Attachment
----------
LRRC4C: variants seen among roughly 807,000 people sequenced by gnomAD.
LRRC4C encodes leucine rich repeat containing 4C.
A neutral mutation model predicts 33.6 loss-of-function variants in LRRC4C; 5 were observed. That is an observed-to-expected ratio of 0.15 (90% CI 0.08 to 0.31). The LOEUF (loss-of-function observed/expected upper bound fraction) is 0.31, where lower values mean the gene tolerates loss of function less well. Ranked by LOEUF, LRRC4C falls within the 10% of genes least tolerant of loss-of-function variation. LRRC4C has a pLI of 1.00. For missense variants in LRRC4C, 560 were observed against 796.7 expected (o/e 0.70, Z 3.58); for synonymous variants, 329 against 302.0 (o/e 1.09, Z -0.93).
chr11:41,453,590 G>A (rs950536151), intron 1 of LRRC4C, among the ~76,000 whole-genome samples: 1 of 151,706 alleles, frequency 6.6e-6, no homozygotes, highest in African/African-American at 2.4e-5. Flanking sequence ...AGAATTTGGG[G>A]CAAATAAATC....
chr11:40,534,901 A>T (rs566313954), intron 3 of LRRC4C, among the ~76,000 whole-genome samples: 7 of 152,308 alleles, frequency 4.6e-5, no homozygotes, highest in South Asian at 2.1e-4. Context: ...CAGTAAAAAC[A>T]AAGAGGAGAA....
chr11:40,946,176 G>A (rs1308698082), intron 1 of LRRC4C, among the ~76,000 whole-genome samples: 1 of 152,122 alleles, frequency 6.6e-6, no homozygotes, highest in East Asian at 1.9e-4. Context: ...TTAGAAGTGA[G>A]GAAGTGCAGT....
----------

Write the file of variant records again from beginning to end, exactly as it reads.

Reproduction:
LRRC4C: variants seen among roughly 807,000 people sequenced by gnomAD.
LRRC4C encodes leucine rich repeat containing 4C.
A neutral mutation model predicts 33.6 loss-of-function variants in LRRC4C; 5 were observed. That is an observed-to-expected ratio of 0.15 (90% CI 0.08 to 0.31). The LOEUF (loss-of-function observed/expected upper bound fraction) is 0.31, where lower values mean the gene tolerates loss of function less well. Ranked by LOEUF, LRRC4C falls within the 10% of genes least tolerant of loss-of-function variation. LRRC4C has a pLI of 1.00. For missense variants in LRRC4C, 560 were observed against 796.7 expected (o/e 0.70, Z 3.58); for synonymous variants, 329 against 302.0 (o/e 1.09, Z -0.93).
chr11:41,453,590 G>A (rs950536151), intron 1 of LRRC4C, among the ~76,000 whole-genome samples: 1 of 151,706 alleles, frequency 6.6e-6, no homozygotes, highest in African/African-American at 2.4e-5. Flanking sequence ...AGAATTTGGG[G>A]CAAATAAATC....
chr11:40,534,901 A>T (rs566313954), intron 3 of LRRC4C, among the ~76,000 whole-genome samples: 7 of 152,308 alleles, frequency 4.6e-5, no homozygotes, highest in South Asian at 2.1e-4. Context: ...CAGTAAAAAC[A>T]AAGAGGAGAA....
chr11:40,946,176 G>A (rs1308698082), intron 1 of LRRC4C, among the ~76,000 whole-genome samples: 1 of 152,122 alleles, frequency 6.6e-6, no homozygotes, highest in East Asian at 1.9e-4. Context: ...TTAGAAGTGA[G>A]GAAGTGCAGT....